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Court Forbids Collective Distribution of NEIS CD

Posted November. 28, 2003 23:28,   


The 50th Collegial Judgment at the Seoul District Court (Superintendent Judge Lee Hong-hun) has approved of the provisional disposition petition, which asked for the ceasing of production and distribution of CD-Rs containing private information of three high school seniors, including Sung(17), who are applying to universities, on November 28.

It is inevitable for the Department of Education and Human Resources Development to reform this system, which provides universities information on all students for the college admission process, since this ruling is based on the personal rights of applicants rather than an efficient administration of education.

The college admission process will probably not be affected by the decision because the judgment is applicable to only these three students in the lawsuit.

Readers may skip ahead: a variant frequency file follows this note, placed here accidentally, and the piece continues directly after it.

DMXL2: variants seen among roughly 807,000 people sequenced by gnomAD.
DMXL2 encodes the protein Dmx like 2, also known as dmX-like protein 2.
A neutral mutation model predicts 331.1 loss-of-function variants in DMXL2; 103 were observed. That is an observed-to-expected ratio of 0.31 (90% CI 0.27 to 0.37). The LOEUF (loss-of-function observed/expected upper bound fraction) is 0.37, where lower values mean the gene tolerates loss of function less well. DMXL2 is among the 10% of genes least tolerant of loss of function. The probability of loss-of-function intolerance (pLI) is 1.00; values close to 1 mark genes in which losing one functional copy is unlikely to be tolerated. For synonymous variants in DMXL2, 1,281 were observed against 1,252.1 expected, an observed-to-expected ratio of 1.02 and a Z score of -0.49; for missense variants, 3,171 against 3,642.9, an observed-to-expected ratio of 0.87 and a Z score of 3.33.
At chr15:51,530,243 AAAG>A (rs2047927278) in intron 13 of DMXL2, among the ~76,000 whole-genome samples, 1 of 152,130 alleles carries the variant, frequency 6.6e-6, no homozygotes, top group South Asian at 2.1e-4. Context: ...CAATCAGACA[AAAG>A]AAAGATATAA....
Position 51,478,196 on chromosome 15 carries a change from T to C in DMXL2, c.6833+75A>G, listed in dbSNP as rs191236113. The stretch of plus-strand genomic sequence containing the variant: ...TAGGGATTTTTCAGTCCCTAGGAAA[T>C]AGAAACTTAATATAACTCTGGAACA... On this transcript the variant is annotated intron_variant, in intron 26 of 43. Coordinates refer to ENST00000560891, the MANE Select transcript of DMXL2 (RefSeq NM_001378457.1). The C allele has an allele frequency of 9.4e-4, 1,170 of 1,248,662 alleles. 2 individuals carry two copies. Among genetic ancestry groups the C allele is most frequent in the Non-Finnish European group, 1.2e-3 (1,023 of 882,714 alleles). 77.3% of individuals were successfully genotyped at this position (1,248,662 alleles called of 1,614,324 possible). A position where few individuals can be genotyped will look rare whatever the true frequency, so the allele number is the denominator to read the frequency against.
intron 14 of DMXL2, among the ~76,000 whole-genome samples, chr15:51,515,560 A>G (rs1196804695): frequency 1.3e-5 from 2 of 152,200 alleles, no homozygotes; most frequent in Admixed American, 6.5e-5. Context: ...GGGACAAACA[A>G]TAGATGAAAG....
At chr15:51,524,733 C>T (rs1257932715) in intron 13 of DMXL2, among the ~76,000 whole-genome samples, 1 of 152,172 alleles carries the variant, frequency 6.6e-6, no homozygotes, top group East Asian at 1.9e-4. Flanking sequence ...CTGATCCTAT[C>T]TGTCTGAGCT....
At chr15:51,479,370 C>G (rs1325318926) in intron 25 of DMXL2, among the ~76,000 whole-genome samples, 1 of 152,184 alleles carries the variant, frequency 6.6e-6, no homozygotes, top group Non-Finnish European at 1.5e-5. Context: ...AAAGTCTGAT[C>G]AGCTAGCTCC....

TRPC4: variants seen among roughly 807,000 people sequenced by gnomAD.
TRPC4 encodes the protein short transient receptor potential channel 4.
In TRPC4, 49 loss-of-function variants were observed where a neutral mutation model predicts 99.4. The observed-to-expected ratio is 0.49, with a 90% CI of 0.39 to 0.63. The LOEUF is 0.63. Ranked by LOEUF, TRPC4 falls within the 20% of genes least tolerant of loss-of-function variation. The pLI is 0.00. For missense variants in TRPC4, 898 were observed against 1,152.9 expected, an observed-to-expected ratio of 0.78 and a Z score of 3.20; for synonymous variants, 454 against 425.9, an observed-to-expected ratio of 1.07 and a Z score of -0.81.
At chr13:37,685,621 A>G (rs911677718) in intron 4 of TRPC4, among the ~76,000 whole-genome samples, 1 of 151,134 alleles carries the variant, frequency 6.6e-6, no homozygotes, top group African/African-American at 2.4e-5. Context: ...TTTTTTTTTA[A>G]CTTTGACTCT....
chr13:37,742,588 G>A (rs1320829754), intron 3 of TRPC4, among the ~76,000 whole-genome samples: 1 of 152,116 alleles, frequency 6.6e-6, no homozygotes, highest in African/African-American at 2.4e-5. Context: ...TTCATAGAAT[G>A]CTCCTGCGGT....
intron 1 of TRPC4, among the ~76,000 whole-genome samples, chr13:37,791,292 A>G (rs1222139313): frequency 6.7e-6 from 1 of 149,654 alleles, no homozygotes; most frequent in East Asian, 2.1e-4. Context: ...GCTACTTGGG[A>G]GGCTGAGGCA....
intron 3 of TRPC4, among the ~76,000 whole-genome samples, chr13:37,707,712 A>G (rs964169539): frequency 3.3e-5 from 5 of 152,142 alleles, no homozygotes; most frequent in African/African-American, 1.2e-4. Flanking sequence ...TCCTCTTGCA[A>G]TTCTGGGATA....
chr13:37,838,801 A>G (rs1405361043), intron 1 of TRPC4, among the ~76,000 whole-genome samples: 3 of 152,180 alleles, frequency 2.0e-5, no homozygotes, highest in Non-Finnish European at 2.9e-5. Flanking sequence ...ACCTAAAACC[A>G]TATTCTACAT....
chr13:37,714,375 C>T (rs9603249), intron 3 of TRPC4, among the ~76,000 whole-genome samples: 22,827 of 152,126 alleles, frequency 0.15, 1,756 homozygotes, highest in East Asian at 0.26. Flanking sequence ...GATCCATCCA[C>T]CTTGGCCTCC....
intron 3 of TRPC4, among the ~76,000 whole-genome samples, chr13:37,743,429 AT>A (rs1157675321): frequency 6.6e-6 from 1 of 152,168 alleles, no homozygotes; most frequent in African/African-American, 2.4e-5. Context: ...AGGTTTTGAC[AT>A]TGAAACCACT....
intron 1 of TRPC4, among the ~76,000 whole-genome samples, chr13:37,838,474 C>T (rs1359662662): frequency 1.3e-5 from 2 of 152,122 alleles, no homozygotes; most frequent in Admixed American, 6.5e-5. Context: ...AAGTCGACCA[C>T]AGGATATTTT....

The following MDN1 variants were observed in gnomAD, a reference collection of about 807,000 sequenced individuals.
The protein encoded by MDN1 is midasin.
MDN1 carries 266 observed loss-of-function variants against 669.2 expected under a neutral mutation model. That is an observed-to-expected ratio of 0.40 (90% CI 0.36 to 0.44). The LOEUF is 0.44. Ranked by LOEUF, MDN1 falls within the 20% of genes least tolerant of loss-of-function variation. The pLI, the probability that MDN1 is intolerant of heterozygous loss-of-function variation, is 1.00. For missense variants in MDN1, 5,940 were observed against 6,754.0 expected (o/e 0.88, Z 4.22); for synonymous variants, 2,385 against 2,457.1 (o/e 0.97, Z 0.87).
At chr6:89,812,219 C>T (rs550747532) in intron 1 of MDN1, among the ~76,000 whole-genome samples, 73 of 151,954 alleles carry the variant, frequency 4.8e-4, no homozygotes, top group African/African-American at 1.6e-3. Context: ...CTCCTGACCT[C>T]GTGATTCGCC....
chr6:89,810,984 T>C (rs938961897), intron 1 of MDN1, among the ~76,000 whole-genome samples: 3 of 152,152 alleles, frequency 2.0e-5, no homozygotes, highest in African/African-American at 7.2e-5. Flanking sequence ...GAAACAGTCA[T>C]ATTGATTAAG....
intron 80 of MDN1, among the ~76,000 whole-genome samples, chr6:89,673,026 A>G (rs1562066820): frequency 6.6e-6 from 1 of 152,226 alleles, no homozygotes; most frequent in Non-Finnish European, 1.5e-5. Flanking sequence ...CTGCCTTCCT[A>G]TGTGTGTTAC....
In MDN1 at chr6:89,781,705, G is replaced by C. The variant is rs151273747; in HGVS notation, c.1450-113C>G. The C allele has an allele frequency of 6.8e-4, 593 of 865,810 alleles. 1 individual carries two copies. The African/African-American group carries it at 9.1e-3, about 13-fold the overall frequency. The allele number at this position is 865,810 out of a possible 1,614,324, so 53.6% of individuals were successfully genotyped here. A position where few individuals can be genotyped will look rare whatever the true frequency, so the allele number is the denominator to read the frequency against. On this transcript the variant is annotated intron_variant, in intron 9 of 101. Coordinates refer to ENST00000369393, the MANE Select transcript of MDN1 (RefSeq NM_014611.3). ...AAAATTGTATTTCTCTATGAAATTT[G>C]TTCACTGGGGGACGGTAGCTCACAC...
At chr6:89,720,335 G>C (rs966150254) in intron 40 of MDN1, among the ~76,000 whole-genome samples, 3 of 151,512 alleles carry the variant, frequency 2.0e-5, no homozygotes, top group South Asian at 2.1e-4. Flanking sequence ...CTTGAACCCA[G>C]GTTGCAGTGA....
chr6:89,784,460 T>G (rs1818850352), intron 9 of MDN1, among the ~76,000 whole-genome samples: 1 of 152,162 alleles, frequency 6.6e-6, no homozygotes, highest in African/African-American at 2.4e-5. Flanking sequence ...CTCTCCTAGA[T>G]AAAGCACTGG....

The ruling clarified that a collective distribution of CD-R, containing information of 600,000 high school seniors, to all universities could unreasonably invade the third party’s rights.

Even though the Labor Union of Korea Teachers (LUKT), which supported this petition as a form of resistance against the National Education Information System (NEIS), asserted the illegality of NEIS, the court sustained judgment on this issue, saying “The act itself, in which the Minister of Education and Human Resources Development accessed the students’ school life record through NEIS, is legal.”

“We will distribute CD-Rs to universities after deleting the information of the three students,” the Department of Education said, clearly making its position known. “We will apply for an appeal of dissatisfaction.”

In case either a mass of students applying for the provisional disposition petition or the movement of the LUKT against producing CD-R increases, it would affect the college admission process this year.

“The Department of Education should abide by the ruling and immediately stop producing CD-Rs,” said Song Won-jae spokesperson of LUKT, adding, “We are considering a lawsuit to claim damages against the Department of Education.”

The Department of Education has produced CD-Rs, containing information of 600,000 high school seniors, and distributed them collectively to 380 universities since 1997. Each university has used information from this CD-R to determine whether the information provided by applicants is actually correct.

Seong-Chul Hong Soo-Kyung Kim sungchul@donga.com skkim@donga.com